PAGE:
Regional news publishers Reach and Newsquest have been accused by a competitor of treating their journalists like “battery hens” by giving reporters page view targets.
A senior insider at National World told Press Gazette that, unlike Reach and Newsquest, it uses publication-wide rather than individual page view targets for journalists on its titles, which include The Scotsman and the Yorkshire Post.
Reach last week announced the Accelerated Personal Development pilot scheme, which calls on journalists to hit minimum benchmarks of between 80,000 and 850,000 page views per month depending on their role and the size of the outlet they work for, according to a document seen by Hold the Front Page.
The document suggested that journalists who fall below half of their benchmark number would be expected to increase monthly page views by 40% by July 2022 and by 70% by the end of the year. SEO or trends writers will be expected to generate 1.3 million page views each month within six months, and two million per month within the year.
Reach publishes more than 100 titles, including regional dailies such as the Liverpool Echo and the Manchester Evening News.
The National Union of Journalists’ Reach national coordinator Chris Morley said of the targets: “As a union, we are particularly concerned about the effect constant and relentless scrutiny of members’ performance around page views will have on their well-being – something that Reach also tells us that they take very seriously.
“We do not see the case for the setting of ‘benchmarks’, ‘goals’, ‘objectives’ or however targets may be described, with the negative behaviour and outcomes that can ensue.”
The NUJ also expressed concerns about similar readership targets being set at Newsquest, the publisher behind 205 different news brands across the UK including the Northern Echo, Brighton Argus and Scottish outlet The National.
A senior insider at rival regional media group National World told Press Gazette: “Unlike other publishers, it’s not our policy to regard journalists as battery hens. We treat every journalist as an individual talent, whatever the role, with new, unique skills that can be deployed across all platforms.
“Our policy is to have content and brand targets rather than individual targets and to work as a team to achieve them. We’re extending automation in order to free journalists from the industrial past, so they can all concentrate on sourcing the best content to properly engage with.”
On Friday Newsquest released details of its Page Views Incentive Scheme, under which journalists working on daily titles that generate more than 500,000 page views per month on average each quarter are eligible for bonuses.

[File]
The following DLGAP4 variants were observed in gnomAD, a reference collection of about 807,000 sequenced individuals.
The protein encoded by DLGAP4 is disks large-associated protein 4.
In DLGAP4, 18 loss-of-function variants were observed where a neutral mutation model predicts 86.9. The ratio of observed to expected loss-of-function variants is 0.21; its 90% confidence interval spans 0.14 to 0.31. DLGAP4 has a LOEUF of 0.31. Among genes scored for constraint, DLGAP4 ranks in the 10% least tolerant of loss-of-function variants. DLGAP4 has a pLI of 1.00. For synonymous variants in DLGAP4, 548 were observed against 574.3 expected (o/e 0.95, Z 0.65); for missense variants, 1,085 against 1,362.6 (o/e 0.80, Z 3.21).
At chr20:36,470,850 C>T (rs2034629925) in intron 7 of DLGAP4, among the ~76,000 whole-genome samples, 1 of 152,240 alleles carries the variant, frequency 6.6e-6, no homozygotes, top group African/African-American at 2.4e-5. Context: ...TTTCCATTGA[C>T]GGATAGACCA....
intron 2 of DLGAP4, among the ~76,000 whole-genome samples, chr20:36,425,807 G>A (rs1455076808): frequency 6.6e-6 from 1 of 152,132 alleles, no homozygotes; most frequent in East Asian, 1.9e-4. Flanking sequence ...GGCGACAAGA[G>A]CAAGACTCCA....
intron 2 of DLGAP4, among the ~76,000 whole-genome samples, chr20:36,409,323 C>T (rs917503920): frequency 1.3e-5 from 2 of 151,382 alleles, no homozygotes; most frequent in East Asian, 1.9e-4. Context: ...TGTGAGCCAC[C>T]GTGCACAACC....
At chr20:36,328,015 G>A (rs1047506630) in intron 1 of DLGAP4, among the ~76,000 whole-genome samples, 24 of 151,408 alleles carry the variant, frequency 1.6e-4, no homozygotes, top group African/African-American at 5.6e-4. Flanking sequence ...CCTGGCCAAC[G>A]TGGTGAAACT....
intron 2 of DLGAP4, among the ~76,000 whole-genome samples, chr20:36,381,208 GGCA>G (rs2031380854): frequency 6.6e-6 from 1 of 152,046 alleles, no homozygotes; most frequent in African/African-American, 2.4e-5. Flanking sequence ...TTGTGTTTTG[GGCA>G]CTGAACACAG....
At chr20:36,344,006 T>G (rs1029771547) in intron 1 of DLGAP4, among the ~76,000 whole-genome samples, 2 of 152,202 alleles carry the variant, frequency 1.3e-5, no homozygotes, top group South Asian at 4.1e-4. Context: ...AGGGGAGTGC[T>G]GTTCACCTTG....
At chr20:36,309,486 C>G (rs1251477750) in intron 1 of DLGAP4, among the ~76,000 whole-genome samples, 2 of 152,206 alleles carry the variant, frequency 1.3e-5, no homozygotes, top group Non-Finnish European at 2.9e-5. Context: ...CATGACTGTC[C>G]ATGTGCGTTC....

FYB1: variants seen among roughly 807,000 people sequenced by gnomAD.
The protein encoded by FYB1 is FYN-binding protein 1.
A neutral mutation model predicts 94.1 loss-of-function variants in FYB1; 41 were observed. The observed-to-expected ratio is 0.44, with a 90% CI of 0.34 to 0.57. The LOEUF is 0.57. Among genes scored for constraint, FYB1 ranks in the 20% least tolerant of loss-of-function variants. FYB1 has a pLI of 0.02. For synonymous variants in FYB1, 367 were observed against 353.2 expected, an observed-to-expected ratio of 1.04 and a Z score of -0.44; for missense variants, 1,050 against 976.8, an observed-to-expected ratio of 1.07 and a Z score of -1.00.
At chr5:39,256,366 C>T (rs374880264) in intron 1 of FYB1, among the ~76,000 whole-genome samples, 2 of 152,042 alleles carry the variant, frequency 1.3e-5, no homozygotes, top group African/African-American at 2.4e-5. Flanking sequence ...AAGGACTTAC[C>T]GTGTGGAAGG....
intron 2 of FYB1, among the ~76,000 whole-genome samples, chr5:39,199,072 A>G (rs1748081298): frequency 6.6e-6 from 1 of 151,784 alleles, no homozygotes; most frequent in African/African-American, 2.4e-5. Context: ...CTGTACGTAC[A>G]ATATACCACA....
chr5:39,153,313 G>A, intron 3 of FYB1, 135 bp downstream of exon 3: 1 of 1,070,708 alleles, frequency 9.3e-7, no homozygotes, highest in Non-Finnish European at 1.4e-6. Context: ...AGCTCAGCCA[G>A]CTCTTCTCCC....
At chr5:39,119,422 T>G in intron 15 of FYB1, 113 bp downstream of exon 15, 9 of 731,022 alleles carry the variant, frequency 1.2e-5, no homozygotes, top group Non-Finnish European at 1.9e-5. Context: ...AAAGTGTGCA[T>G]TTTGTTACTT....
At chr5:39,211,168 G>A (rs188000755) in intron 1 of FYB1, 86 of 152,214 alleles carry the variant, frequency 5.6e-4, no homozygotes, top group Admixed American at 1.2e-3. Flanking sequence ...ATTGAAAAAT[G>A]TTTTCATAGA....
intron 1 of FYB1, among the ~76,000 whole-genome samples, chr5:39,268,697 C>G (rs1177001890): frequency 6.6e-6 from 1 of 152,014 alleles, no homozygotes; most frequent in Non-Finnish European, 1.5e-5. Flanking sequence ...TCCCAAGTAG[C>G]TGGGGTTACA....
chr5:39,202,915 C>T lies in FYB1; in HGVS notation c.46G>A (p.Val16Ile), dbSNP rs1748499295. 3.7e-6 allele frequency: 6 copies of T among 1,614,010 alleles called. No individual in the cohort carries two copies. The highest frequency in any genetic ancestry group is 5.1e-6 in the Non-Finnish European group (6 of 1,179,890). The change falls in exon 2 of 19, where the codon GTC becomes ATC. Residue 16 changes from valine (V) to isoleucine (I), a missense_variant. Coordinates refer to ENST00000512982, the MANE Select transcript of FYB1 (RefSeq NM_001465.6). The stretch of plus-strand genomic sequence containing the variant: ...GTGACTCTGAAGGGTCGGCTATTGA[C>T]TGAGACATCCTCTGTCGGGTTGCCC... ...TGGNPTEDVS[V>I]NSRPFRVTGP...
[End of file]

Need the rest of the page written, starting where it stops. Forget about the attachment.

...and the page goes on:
The company reported that 200 of its reporters had been given bonuses to their pay since the scheme was introduced in 2020.
The NUJ subsequently released a survey of its members at Newsquest that found that the vast majority of those surveyed thought Newsquest’s targets were unachievable and more than half said they were looking for jobs outside of the company.
The results of the NUJ survey found:
- 72% of participants did not think their digital page view targets were achievable
- 62% received no bonuses from the scheme in 2021
- Only 9% of those who received a bonus got a payment in all four quarters of 2021
- 80% said they suffered from stress as a result of the pressure of constant digital page view targets at work
- More than 55% of respondents said they were already actively looking for a job outside Newsquest.
The NUJ did not disclose how many Newsquest journalists had taken part in the survey.
According to its parent company Gannett, Newsquest employed an average of 626 journalists, meaning two-thirds of its reporters had received nothing from the digital bonus scheme since it launched in 2020.
The NUJ’s Morley said: “Nobody should be fooled that Newsquest’s digital bonus scheme is generous, fair and equitable. Our members’ experience clearly shows otherwise and certainly does not make up for endemic poor pay and conditions within the company.
“We think journalists should be properly paid for the valuable job they perform within the democratic fabric of this country, not on how many clicks they turn in. As a union, we want to see journalists have decent pay that they can rely on to meet the bills.”
In its most recent financial results, Reach reported that it was on track to double its digital revenue by the end of 2024, with its pre-tax profits rising to £143.5m for the 52 weeks to 26 December 2021.
Neither Newsquest nor Reach commented on their new schemes when contacted by Press Gazette.
However Newsquest’s editorial director Toby Granville tweeted: “Interesting that Reach has copied our very successful individual page view targets strategy for reporters. Only difference seems to be we offer ££ bonus of up to 10% salary at Newsquest if reporters hit them and Reach offers its reporters.. er nothing!”
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